Americans are divided by political party on which news sources they trust, according to the latest Economist/YouGov Poll.
Most Republicans (57%) trust Fox News, the only news organization to receive a majority of GOP support in the survey. One-third of Republicans (34%) trust The Wall Street Journal, while one-third (33%) are neutral on whether the newspaper is trustworthy. A quarter (24%) of Republicans trust One America News Network, a conservative broadcast organization that has been elevated by President Donald Trump and the White House in recent months.
Trump has promoted OANN as a “great alternative” to Fox News — though, OANN hasn’t usurped the media giant among Republicans overall. About one-third (32%) of Fox News viewers trust OANN, compared to 15 percent of Americans overall. OANN is frequently criticized for spreading disproven conspiracy theories and misinformation that President Trump has re-circulated on his Twitter account.
Despite this, OANN remains more trusted among Republicans than The Washington Post (20%), The New York Times (19%), CNN (12%), and MSNBC (12%). A majority of Republicans actively distrust CNN (70%), MSNBC (66%), and The New York Times (58%) — each of which are outlets that have received frequent attacks and threats from the president for not providing favorable coverage to his administration.
Democrats share a nearly opposite view from Republicans when asked about the same media sources. Most Democrats trust The Washington Post (65%), CNN (64%), The New York Times (63%), MSNBC (59%), and The Wall Street Journal (58%). Only about one in 10 Democrats consider each of these news sources untrustworthy — much lower than what Republicans say about even their top news source.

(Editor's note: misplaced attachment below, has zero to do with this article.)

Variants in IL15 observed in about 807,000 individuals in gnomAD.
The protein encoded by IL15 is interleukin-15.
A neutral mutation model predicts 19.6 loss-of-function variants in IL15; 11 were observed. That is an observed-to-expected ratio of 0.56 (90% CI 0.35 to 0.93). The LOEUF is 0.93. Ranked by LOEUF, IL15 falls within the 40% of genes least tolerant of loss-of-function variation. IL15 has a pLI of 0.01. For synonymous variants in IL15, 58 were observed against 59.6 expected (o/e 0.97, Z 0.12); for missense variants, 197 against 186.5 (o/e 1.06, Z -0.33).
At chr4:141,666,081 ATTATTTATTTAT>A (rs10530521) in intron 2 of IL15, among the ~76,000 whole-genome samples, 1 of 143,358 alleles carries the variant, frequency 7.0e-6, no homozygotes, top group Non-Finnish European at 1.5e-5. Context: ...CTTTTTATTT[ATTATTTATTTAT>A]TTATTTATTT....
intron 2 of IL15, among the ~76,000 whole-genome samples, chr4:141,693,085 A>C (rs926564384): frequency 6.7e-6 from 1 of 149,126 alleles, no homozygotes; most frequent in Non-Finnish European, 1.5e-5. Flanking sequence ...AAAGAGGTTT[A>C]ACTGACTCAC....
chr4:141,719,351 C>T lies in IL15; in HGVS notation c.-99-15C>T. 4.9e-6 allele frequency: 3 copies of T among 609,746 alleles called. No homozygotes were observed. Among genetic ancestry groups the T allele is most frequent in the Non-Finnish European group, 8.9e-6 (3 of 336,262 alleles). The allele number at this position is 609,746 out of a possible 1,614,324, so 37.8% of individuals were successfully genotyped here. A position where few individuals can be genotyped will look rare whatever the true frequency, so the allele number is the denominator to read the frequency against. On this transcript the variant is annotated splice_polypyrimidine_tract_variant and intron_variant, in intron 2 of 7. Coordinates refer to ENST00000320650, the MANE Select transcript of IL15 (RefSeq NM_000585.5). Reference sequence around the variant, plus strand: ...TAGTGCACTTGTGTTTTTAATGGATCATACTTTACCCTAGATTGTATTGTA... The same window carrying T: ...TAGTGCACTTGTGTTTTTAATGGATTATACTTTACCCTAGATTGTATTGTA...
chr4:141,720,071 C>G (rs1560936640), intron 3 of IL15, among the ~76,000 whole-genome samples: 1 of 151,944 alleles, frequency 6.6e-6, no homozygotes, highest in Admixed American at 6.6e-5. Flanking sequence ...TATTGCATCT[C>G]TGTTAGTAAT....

Two-thirds of Democrats (67%) actively distrust Fox News, while 14 percent trust the network. About half (51%) of Democrats remain neutral on OANN, though about two in five (38%) consider it untrustworthy.
Registered voters overall are the most likely to trust The Wall Street Journal (48%), The Washington Post (44%), and The New York Times (43%).
See the toplines and crosstabs from this week’s Economist/YouGov Poll
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Methodology: The Economist survey was conducted by YouGov using a nationally representative sample of 1,500 U.S. adult citizens interviewed online between June 14 - 16, 2020. This sample was weighted according to gender, age, race, and education based on the American Community Survey, conducted by the US Bureau of the Census, as well as 2016 Presidential vote, registration status, geographic region, and news interest. Respondents were selected from YouGov’s opt-in panel to be representative of all US citizens. The margin of error is approximately 3.2% for the overall sample.